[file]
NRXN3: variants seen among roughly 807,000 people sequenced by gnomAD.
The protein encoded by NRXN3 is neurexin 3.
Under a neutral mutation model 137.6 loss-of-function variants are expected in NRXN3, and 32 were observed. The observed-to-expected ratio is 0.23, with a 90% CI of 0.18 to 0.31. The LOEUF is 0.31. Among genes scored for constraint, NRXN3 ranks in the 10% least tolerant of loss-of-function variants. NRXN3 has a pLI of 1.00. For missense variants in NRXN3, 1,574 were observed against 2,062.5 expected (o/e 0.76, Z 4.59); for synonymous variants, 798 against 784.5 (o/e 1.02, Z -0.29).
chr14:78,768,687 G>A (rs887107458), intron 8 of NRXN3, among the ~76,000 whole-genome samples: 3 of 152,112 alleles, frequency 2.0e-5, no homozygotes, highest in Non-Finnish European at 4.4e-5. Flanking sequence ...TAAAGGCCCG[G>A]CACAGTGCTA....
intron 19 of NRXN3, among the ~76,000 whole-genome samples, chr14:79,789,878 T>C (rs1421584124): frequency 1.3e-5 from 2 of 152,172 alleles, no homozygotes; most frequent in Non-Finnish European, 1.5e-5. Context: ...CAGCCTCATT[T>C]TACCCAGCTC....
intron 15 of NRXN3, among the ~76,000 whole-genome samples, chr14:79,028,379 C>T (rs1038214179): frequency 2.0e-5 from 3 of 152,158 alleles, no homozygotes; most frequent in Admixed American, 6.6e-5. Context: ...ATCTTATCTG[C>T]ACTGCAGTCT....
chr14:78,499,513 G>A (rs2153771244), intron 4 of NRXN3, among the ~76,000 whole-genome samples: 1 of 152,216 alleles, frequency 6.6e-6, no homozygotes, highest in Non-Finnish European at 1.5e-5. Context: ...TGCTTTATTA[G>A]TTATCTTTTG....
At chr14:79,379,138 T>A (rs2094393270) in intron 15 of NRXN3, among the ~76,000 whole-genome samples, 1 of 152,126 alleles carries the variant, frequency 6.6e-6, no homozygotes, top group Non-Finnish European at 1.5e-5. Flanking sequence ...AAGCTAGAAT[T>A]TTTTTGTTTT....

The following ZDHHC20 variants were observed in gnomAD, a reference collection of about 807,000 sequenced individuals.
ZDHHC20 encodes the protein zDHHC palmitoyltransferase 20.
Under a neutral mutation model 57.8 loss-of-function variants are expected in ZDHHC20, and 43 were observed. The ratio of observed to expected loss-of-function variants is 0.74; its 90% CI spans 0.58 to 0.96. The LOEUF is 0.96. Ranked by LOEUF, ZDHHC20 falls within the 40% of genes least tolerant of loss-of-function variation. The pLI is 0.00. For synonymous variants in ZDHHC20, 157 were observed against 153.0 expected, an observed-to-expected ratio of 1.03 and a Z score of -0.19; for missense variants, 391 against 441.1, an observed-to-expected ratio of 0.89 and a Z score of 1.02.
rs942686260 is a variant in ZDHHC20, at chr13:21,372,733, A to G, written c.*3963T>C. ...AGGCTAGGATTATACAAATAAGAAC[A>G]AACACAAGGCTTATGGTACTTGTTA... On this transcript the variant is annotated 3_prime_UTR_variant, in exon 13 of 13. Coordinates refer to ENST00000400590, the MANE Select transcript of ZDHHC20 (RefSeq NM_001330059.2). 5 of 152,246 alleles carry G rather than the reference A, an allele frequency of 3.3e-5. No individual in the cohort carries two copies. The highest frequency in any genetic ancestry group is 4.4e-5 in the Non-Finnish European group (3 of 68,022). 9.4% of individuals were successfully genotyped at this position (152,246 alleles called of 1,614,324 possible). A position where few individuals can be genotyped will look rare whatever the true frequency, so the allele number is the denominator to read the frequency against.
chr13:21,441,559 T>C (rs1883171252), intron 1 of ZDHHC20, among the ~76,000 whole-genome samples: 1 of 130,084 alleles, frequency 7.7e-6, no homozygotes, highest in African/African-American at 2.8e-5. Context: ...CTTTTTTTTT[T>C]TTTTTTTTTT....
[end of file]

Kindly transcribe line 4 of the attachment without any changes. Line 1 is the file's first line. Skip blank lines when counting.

chr14:78,768,687 G>A (rs887107458), intron 8 of NRXN3, among the ~76,000 whole-genome samples: 3 of 152,112 alleles, frequency 2.0e-5, no homozygotes, highest in Non-Finnish European at 4.4e-5. Flanking sequence ...TAAAGGCCCG[G>A]CACAGTGCTA....